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Sayres, Irvin J.


Posted By: Janelle Martin - Volunteer (email)
Date: 2/22/2010 at 13:52:29

History of Hamilton County, Iowa, vol II, 1912, p.124


Irvin J. Sayrs has been a resident of Webster City for only five years but, although one of the more recent arrivals here, he has succeeded in establishing himself in a creditable position as a member of the bar and also as the secretary of the Hamilton County Abstract Company. He was born in the neighboring state of Illinois, his birth having occurred in Schuyler County, August 10, 1876. His parents were Francis M. and Hulda C.(Derry) Sayrs. His grandfather, Jonathan Sayrs, was a resident of Harrison County, Ohio, remaining there until after his marriage and the birth of two of his children. At an early day, however, he became a resident of Illinois, being one of the first settlers of Fulton County, where another child was added to the family circle Francis M. Sayrs, who remained a lifelong resident of Fulton and Schuyler Counties. At the time of the Civil war he entered his country's service, becoming a member of the Thirty-sixth Illinois Volunteer Infantry in response for troops to serve for ninety days. Later he reenlisted in the Eighty-fourth Illinois and continued with that regiment until the close of the war. In 1855 the Derry family, to which Mrs. F. M. Sayrs belonged, removed from Mason County, Illinois, to Kansas, settling on a homestead about forty miles south of Leavenworth. It was their intention to remain in that state, but on account of the border warfare that there prevailed and because of their strong advocacy of republican principles, they left that locality at the outbreak of hostilities between the north and the south, selling their homestead, comprising one hundred and sixty acres of prairie land and forty acres of timber land, for three hundred dollars. They then returned to Illinois by way of Iowa, being afraid to go through Missouri on account of the war and conditions thereby imposed. It was immediately after the war that Francis M. Sayrs and Hulda C. Derry were married.

The family home was maintained in Schuyler County, and Irvin J. Sayrs was a pupil in the public schools there and in the Rushville Normal College at Rushville, Illinois, He pursued his law course in Highland Park College at Des Moines and was graduated in 1901 with the degree of LL.B, After being admitted to the bar by the supreme court of Iowa he began practice in 1903 in Jewell, Hamilton County, and on the 1st of March, 1907, sought the broader field of labor offered by the county seat, removing to Webster City, where he has since continued in the practice of his chosen profession. His professional labors have been entirely satisfactory to his clients, who have found him painstaking and careful in the preparation of his cases and clear and logical in their presentation. He has been accorded a large practice and has also been the secretary of the Hamilton County Abstract Company since its organization.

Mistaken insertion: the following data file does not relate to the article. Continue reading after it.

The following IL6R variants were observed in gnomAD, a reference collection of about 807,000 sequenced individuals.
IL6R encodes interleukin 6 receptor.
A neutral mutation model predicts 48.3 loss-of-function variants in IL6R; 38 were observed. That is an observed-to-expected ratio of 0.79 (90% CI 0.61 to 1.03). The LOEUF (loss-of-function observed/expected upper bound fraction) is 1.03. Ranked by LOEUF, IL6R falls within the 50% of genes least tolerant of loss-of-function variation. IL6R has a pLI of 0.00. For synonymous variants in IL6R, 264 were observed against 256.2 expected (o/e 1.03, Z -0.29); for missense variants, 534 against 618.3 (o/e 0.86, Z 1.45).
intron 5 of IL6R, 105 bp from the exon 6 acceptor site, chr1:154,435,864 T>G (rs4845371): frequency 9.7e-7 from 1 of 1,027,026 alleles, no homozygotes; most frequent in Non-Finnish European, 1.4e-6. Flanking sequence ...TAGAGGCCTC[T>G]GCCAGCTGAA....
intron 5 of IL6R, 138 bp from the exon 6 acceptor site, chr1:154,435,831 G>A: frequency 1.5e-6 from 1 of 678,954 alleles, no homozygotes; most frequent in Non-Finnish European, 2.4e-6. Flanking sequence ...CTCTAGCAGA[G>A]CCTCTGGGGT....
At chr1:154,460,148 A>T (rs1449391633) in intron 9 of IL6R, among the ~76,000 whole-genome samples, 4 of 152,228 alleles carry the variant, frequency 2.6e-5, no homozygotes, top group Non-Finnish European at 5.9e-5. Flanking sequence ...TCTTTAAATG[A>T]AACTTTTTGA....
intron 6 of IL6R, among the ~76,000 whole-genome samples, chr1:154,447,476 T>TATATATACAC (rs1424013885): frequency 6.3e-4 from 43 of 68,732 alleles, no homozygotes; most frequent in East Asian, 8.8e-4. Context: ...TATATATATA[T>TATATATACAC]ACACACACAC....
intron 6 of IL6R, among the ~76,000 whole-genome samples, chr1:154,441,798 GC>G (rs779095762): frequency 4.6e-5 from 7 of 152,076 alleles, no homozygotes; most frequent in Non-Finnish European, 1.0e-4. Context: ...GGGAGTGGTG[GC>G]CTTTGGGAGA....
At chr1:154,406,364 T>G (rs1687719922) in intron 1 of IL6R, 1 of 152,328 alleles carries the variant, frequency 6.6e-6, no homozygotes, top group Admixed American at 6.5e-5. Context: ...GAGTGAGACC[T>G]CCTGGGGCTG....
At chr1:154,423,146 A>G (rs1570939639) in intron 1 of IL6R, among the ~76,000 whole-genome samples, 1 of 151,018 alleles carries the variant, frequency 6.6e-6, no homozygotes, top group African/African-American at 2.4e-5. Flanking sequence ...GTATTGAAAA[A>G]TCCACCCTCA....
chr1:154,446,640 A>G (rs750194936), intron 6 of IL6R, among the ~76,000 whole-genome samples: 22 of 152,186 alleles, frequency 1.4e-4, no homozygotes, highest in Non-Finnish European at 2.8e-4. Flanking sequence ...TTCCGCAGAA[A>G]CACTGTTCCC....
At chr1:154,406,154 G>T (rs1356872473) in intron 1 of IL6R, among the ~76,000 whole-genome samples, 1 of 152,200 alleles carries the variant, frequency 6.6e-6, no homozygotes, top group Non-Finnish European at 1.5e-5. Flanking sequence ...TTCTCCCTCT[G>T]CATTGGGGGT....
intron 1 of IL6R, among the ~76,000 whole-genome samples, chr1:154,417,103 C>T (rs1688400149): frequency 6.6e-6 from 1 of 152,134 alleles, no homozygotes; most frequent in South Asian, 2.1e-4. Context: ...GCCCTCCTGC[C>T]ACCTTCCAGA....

At New London, Iowa, Mr. Sayrs was united in marriage to Miss Isabel M. Parrott, her father being J. E. Parrott, of Henry County, Iowa, who is now living at Lamar, Colorado. Polly Parrott, the grandmother of Mrs. Sayrs, came to Burlington, Iowa, when there were only four huts at that place. Our subject and his wife have one daughter, Bonita Maurine Sayrs, whose birth occurred on the 6th of July, 1905. Mr. Sayrs and his little family have a pleasant home at No. 521 Walnut street and during the period of their residence here they have gained many friends.

Mr. Sayrs belongs to Acacia Lodge, No. 176, F. & A. M.; Hope Chapter, No. 88, R. A. M. ; and Webster City Camp, No. 416, M. W. A. He also holds membership in the Congregational church and these associations indicate much of the nature of his interests and the rules that govern his conduct. Entering a profession where advancement depends entirely upon individual merit and not upon influence or any favorable external circumstances, he is working his way steadily upward and is gaining that success which is the merited reward of capability and persistency of purpose.


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